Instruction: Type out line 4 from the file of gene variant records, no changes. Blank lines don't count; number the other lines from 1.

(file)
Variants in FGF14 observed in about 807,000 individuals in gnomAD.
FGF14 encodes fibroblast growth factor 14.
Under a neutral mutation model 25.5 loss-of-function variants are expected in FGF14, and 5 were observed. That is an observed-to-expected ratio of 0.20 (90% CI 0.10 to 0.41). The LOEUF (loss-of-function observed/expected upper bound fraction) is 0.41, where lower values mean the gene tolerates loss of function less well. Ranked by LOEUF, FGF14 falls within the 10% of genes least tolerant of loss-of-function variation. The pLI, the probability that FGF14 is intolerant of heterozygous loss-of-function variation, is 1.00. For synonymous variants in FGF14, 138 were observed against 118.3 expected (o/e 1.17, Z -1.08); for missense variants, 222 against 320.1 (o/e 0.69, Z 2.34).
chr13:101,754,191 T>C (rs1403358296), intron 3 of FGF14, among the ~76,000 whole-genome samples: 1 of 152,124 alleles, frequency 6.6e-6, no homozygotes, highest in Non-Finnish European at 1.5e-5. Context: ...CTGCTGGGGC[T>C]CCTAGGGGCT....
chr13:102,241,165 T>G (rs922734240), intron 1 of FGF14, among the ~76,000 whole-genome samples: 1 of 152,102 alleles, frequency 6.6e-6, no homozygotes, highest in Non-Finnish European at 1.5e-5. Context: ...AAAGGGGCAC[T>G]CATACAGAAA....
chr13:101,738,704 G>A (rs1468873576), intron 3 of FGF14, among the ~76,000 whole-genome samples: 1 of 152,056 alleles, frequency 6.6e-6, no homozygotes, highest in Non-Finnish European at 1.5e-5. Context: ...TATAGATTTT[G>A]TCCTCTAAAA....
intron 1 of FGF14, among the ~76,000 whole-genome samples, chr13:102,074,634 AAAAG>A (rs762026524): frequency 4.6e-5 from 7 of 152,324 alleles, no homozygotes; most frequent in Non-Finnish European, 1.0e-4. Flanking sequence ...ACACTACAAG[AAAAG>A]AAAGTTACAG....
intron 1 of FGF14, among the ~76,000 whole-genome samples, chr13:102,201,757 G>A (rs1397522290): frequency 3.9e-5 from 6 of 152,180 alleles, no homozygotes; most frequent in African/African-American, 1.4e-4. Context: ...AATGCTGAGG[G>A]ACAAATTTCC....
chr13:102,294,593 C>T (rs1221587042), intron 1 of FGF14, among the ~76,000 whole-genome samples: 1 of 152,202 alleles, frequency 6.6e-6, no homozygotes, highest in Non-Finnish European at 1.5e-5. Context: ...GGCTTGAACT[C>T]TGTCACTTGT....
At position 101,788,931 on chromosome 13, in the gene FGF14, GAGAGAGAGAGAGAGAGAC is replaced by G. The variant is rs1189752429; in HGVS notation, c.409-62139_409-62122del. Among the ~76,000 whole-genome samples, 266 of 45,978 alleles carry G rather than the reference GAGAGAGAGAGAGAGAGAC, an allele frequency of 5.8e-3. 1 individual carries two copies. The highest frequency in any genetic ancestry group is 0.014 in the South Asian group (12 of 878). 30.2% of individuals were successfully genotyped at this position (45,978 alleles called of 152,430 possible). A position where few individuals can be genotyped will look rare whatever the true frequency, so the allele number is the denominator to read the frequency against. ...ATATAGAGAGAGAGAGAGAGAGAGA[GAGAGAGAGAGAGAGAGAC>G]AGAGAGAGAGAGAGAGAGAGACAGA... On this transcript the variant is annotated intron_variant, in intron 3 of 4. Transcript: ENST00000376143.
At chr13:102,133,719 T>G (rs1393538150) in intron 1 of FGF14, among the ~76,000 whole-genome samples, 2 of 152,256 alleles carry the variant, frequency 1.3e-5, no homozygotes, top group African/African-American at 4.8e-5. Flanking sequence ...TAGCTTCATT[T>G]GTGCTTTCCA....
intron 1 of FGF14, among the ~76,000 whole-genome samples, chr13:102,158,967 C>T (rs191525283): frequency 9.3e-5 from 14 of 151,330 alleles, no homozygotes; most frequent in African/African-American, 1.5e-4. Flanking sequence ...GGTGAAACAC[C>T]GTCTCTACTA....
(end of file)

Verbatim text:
chr13:101,754,191 T>C (rs1403358296), intron 3 of FGF14, among the ~76,000 whole-genome samples: 1 of 152,124 alleles, frequency 6.6e-6, no homozygotes, highest in Non-Finnish European at 1.5e-5. Context: ...CTGCTGGGGC[T>C]CCTAGGGGCT....